Political culture is an attractive concept to characterize the specific preferences regarding politics in different political communities. However, it is a blurred concept because of the confusion between patterns of individual values and collective culture at the one hand, and the disputable separation between orientations and practices at the other hand. This contribution explores the potential of Cultural Theory, also called the Theory of Sociocultural Viability, to analyze political culture. This theory postulates the existence of four viable ways of life, which are patterns of social interactions and rationalizations reinforcing each other. Each way of life offers a partial explanation of reality and therefore reaches out for cultural allies who can compensate for its weakness. Such an alliance, generally between two ways of life, can be quite stable and therefore determines to a large degree the nature and the stability of the political institutions of a country. The political culture of a political community can be characterized by the proportion of adherents of each way of life (its regime), and by the predominant alliance of two ways of life.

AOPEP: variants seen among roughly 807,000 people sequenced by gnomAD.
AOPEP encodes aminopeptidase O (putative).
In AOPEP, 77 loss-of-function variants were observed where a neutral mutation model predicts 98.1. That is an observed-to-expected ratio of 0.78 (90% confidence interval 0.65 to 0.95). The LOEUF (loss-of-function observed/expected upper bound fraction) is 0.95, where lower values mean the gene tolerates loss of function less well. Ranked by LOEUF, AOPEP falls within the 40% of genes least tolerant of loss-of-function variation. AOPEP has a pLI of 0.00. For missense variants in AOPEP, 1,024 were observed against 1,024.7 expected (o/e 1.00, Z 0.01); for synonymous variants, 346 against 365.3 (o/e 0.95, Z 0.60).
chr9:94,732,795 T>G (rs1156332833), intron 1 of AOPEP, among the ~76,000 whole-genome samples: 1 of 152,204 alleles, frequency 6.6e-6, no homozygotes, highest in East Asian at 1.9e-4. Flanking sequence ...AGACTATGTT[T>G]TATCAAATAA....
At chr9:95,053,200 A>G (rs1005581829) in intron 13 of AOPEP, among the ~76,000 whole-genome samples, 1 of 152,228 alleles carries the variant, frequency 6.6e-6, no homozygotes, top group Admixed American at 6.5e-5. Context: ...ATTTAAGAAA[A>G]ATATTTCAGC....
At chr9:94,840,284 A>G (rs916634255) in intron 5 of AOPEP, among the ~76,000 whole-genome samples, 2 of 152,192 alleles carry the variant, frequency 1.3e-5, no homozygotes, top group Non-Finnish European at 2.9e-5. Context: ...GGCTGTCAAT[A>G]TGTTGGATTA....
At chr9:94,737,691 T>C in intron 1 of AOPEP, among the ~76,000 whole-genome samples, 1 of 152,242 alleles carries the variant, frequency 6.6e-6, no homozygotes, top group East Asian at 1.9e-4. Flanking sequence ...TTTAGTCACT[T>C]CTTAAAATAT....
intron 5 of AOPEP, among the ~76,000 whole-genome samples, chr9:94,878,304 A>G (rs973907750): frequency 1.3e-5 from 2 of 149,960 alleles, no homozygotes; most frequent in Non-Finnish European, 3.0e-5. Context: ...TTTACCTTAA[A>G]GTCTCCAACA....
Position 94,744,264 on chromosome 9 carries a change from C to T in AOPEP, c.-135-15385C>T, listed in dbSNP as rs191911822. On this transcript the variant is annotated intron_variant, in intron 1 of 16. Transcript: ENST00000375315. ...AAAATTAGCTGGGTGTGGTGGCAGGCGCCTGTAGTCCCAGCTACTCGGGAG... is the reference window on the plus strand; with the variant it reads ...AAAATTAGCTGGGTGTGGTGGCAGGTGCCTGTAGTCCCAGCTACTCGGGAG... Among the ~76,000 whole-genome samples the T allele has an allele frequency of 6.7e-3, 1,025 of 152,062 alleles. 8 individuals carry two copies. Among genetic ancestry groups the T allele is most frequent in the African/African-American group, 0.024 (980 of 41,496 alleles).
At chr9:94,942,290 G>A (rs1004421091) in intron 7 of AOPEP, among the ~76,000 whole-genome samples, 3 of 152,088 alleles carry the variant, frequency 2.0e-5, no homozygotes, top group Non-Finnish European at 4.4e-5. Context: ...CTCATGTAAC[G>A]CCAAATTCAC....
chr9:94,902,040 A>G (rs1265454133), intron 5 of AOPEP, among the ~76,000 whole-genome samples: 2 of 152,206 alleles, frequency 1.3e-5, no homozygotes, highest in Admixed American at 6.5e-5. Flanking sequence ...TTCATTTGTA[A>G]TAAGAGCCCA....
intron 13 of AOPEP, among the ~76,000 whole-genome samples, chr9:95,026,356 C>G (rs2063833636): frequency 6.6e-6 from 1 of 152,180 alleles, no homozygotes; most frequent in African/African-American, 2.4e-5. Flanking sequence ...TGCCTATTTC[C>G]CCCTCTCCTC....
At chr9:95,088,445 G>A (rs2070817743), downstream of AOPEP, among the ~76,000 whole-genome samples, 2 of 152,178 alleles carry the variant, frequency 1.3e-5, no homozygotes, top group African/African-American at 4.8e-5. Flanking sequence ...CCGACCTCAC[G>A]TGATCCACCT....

Cultural Theory democratic institutions grid-group analysis political culture